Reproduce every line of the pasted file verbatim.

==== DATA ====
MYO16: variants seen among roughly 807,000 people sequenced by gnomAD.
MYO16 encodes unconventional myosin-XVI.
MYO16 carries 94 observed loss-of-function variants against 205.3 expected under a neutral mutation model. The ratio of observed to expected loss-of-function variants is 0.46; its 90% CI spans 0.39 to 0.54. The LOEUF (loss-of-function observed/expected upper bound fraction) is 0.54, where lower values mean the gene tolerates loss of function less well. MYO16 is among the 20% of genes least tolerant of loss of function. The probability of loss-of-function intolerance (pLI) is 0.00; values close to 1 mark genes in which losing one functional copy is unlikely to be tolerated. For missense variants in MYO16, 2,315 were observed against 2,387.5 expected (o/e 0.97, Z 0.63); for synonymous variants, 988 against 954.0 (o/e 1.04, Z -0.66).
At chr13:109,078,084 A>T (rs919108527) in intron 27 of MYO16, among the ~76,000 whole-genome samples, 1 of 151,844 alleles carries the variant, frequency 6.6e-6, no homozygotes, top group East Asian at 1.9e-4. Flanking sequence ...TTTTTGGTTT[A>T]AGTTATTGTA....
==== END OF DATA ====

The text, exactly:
MYO16: variants seen among roughly 807,000 people sequenced by gnomAD.
MYO16 encodes unconventional myosin-XVI.
MYO16 carries 94 observed loss-of-function variants against 205.3 expected under a neutral mutation model. The ratio of observed to expected loss-of-function variants is 0.46; its 90% CI spans 0.39 to 0.54. The LOEUF (loss-of-function observed/expected upper bound fraction) is 0.54, where lower values mean the gene tolerates loss of function less well. MYO16 is among the 20% of genes least tolerant of loss of function. The probability of loss-of-function intolerance (pLI) is 0.00; values close to 1 mark genes in which losing one functional copy is unlikely to be tolerated. For missense variants in MYO16, 2,315 were observed against 2,387.5 expected (o/e 0.97, Z 0.63); for synonymous variants, 988 against 954.0 (o/e 1.04, Z -0.66).
At chr13:109,078,084 A>T (rs919108527) in intron 27 of MYO16, among the ~76,000 whole-genome samples, 1 of 151,844 alleles carries the variant, frequency 6.6e-6, no homozygotes, top group East Asian at 1.9e-4. Flanking sequence ...TTTTTGGTTT[A>T]AGTTATTGTA....